The strikes were prompted largely by the streaming wars, a digital land-rush to populate platforms like Disney+ and HBO Max (now just “Max”) with enough content to rival Netflix. That helter-skelter transition threw much of the economics of entertainment out of whack. One of the most contentious issues of SAG-AFTRA’s negotiations with the studios was the union’s attempt to win a percentage — 1 or 2% — of streaming revenue, to replace lost residuals. In the end, the actors accepted a bonus tied to viewership.

But even before the strike, every studio was reexamining its streaming strategy. After several years of rampant green lights, most are pulling back, looking to make fewer series and movies, cutting staff and desperately seeking a path toward profitability. Wall Street, no longer enamored with subscriber numbers, wants to see profit, too.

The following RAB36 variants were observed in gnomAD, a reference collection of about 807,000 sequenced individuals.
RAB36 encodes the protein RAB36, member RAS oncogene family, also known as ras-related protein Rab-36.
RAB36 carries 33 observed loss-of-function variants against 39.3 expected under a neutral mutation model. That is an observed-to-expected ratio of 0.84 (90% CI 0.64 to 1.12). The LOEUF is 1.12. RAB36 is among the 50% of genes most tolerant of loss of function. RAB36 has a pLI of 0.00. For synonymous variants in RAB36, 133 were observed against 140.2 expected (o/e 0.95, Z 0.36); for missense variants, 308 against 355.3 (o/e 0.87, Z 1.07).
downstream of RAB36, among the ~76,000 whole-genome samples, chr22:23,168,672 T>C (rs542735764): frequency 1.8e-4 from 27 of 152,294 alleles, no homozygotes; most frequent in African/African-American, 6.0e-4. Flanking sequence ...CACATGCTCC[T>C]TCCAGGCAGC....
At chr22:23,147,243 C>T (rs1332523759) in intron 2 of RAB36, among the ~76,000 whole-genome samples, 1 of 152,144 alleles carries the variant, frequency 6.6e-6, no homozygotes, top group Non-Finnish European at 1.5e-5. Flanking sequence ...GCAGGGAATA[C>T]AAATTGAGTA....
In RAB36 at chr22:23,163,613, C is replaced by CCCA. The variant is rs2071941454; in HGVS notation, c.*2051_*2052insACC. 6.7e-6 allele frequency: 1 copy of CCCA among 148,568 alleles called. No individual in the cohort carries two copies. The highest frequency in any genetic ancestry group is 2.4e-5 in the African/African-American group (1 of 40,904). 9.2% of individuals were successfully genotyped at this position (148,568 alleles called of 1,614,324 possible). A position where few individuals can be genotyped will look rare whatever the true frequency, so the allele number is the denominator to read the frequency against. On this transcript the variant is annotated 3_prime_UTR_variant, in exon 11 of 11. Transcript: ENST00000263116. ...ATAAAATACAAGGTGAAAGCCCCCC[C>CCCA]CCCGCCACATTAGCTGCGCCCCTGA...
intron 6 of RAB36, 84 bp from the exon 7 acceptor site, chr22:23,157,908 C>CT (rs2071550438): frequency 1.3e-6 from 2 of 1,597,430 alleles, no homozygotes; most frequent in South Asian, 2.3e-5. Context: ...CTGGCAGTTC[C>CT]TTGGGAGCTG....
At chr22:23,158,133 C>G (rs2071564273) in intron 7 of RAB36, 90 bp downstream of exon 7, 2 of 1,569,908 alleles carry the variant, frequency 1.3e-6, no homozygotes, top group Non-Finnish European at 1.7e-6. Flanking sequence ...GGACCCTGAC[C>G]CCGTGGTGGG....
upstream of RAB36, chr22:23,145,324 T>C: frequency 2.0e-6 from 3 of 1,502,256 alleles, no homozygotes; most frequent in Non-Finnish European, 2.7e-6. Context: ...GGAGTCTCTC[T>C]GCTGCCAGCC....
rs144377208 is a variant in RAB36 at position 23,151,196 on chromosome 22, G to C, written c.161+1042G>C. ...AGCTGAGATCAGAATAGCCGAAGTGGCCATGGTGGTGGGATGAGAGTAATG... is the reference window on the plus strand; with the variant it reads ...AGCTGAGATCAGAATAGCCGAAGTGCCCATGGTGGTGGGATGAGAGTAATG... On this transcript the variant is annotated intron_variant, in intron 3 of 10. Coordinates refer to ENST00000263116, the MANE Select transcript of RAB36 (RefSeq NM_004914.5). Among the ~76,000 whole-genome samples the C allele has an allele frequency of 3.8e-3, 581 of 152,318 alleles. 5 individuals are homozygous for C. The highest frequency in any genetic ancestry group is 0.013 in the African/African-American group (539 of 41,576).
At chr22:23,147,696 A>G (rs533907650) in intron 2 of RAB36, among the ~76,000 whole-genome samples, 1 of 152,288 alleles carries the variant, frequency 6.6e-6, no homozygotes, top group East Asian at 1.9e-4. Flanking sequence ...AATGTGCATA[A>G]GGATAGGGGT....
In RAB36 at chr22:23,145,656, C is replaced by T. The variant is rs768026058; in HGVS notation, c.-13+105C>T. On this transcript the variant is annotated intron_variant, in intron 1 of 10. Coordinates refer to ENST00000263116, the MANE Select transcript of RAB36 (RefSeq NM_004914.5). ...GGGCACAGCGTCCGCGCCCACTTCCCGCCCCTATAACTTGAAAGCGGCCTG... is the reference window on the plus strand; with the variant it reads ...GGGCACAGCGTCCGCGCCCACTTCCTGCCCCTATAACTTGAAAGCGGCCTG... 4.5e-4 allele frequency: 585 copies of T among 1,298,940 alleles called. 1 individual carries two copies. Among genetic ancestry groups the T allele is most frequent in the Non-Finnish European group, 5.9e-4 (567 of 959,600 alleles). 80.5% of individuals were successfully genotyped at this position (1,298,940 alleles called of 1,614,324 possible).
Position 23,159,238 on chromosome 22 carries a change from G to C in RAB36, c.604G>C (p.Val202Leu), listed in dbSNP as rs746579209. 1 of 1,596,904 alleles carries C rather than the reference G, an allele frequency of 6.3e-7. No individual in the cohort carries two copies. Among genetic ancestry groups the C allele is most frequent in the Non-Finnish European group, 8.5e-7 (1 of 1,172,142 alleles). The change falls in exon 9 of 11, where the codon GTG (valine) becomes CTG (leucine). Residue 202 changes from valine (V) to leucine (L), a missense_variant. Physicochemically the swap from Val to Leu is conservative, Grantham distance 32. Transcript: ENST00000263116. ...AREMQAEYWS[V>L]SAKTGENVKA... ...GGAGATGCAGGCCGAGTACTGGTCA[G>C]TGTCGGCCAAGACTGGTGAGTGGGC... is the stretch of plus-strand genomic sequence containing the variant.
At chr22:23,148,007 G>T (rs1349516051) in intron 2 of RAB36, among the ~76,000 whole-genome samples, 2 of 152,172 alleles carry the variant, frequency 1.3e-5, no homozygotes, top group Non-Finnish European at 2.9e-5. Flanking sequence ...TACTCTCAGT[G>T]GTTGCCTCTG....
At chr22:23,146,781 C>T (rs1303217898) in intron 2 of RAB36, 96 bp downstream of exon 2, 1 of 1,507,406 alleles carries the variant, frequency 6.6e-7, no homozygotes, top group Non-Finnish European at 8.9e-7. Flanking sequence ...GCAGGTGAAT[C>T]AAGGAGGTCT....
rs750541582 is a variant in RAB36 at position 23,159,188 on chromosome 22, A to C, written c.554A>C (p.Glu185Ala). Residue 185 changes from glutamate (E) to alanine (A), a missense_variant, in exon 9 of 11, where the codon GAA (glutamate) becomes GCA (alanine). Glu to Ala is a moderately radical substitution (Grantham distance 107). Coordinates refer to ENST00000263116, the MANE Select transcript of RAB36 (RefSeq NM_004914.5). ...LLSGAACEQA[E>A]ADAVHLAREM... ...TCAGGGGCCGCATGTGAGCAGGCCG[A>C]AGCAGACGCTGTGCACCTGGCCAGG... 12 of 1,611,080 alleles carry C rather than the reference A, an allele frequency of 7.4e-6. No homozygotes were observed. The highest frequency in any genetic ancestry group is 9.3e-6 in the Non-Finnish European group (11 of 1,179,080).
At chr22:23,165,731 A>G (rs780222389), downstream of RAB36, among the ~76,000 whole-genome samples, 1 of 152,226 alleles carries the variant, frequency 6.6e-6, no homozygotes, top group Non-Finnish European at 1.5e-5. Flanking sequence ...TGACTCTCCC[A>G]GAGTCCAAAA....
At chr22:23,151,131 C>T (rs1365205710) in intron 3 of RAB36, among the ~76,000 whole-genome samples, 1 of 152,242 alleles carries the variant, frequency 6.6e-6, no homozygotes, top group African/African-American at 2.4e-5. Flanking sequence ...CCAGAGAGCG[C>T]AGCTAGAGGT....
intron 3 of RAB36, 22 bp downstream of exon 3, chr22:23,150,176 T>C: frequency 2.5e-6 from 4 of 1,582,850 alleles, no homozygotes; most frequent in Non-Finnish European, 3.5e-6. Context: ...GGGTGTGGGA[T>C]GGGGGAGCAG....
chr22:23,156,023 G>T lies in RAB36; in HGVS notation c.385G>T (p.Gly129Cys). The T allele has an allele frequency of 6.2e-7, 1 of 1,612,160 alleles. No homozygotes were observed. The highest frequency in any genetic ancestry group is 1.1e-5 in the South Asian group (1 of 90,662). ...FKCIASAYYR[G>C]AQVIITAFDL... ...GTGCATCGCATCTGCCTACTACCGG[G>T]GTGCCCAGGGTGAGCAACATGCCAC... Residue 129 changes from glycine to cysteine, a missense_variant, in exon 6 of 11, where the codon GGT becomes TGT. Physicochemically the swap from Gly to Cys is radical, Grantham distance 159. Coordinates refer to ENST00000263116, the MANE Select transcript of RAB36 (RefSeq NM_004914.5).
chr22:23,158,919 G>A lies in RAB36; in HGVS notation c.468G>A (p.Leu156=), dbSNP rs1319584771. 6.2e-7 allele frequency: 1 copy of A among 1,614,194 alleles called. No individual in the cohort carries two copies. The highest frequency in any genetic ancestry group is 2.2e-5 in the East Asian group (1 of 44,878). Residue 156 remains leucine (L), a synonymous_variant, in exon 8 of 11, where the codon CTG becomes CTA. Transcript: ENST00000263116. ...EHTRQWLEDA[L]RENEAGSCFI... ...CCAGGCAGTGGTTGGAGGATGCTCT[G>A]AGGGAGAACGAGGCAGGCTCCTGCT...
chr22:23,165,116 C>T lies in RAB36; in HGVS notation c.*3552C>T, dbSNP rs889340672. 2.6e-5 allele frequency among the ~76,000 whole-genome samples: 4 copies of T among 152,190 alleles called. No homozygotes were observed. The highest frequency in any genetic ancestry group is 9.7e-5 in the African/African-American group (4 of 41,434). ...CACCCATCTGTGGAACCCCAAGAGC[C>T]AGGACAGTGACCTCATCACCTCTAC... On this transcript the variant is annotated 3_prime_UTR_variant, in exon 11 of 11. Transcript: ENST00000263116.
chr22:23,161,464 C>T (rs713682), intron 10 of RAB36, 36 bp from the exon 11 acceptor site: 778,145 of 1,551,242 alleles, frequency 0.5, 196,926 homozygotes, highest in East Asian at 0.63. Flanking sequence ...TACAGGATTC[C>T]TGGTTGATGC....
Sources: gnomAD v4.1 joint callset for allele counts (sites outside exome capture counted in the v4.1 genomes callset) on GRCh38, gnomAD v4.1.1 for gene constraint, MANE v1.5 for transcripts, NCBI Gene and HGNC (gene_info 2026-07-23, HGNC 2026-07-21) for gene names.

The aftermath of the strike may look less like a party and more like a streaming hangover.

“The streaming business is completely screwed up. There’s too much content and nobody seems to be able to make any profit from it,” says Jonathan Taplin, director emeritus of the USC Annenberg Innovation Lab and author of “The End of Reality: How Four Billionaires are Selling a Fantasy Future of the Metaverse, Mars, and Crypto.”

Both strikes, Taplin says, were successful because the guilds gained bulwarks against potential decimation by artificial intelligence. But the road ahead, during which he expects linear television to collapse and some streaming services to go out of business, will be strained.